Heather Gray, general manager of The Market Common, urged city council members to reconsider the 20 permits and the distance food trucks can set up near restaurants. She said numerous food trucks could harm the business of traditional brick and mortar restaurants and the ability of building managers to rent out restaurant space.

“I’m asking you to be mindful,” she said, “of the restaurant owners and their investment here.”

But this time the investment issue isn’t limited to brick and mortar types.

Food truck owner Kerry Ragland of Kurbside Katering asked the council to reconsider including food carts in the expanded ordinance because the investment average is “$2,000 or less” and he fears the 20 first-come-first-serve permits will be given to carts and not trucks.

Food trucks operate with clearance from the state Department of Health and Environmental Control. They are, basically, mobile kitchens. A food cart is more mobile and can fit into smaller areas on private property.

While passing the first of two readings on the expanded ordinance, the council asked Planning Director Carol Coleman to come back in a few weeks with a few clarifications.

Coleman said the city adopted a pilot program last year that allowed only six food trucks in the city restricted to highway commercial zones and to be at least 500 feet from existing brick and mortar restaurants.

The planning commission reviewed the pilot program, held public hearings and conferred with food truck operators to submit the expanded pilot program ordinance in the Tuesday council meeting.

Coleman said the expanded areas the trucks may be allowed include entertainment areas such as city parks and near Grand Strand Medical Center.

She said the ordinance cuts the distance between a restaurant and a food truck to 300 feet, which represents half a city block in the downtown area.

Mayor Brenda Bethune said the program has been a success and moves the city closer to its goal of being progressive and bringing life to public areas.

“When we did the food truck festival, there were a lot of restaurants that were concerned that it would hurt their business,” Bethune said. “What they actually found out was that it increased their business and we’ve seen that happen in other cities. I think that when we look at being a progressive city and revitalization, we have to consider some of these things that other cities do very successfully to attract people to our downtown.”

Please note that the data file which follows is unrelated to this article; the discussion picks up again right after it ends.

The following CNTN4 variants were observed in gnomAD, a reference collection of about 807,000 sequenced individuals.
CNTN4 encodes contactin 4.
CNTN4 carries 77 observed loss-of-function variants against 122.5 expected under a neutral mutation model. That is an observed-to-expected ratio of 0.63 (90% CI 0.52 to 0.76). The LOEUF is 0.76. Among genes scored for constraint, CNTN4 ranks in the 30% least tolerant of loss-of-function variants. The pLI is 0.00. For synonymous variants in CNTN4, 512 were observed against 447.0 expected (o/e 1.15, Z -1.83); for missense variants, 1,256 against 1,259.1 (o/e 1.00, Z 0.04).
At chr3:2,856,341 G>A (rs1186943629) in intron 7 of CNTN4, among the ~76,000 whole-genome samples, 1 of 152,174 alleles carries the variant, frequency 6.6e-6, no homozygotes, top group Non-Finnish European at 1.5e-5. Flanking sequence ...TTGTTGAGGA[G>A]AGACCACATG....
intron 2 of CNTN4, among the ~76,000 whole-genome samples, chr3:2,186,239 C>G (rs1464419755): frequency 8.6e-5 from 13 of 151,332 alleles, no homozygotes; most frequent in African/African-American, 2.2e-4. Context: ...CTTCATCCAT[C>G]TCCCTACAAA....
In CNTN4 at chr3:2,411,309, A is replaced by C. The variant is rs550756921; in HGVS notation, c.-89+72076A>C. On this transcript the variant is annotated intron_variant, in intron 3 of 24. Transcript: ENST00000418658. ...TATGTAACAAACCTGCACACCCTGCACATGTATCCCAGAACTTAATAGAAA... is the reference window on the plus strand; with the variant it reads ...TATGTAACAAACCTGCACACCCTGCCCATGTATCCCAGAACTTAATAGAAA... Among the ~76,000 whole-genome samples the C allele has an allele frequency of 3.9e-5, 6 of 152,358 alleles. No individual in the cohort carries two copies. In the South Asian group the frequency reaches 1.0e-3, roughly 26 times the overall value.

The food truck festival is not associated with the ordinance as it is a special event. The city council approved a special event permit and the city’s co-sponsorship of the 2019 festival during the Tuesday meeting. The festival is set for April 26-28. There were 41 food truck vendors at the 2018 festival and the list of 59 vendors is growing, city leaders pointed out.

“I think the two can complement each other and I think this adds to what we’re trying to do with our revitalization and being progressive,” Bethune said. “That’s just my two cents.”

Coleman said she will return to the city council in a few weeks with specific city parks where food trucks will be allowed and she will clarify what size city blocks are in the downtown versus the Market Common area.

She reminded the council that each site a truck wants to set up to do business has to be pre-approved rather than an ordinance that allows food trucks at any city park.

She said food trucks and food carts differ from ice cream trucks and shaved ice carts because the carts aren’t subject to as many restrictions as food trucks. Most ice cream trucks, she said, serve pre-packaged ice cream and fall under different regulations.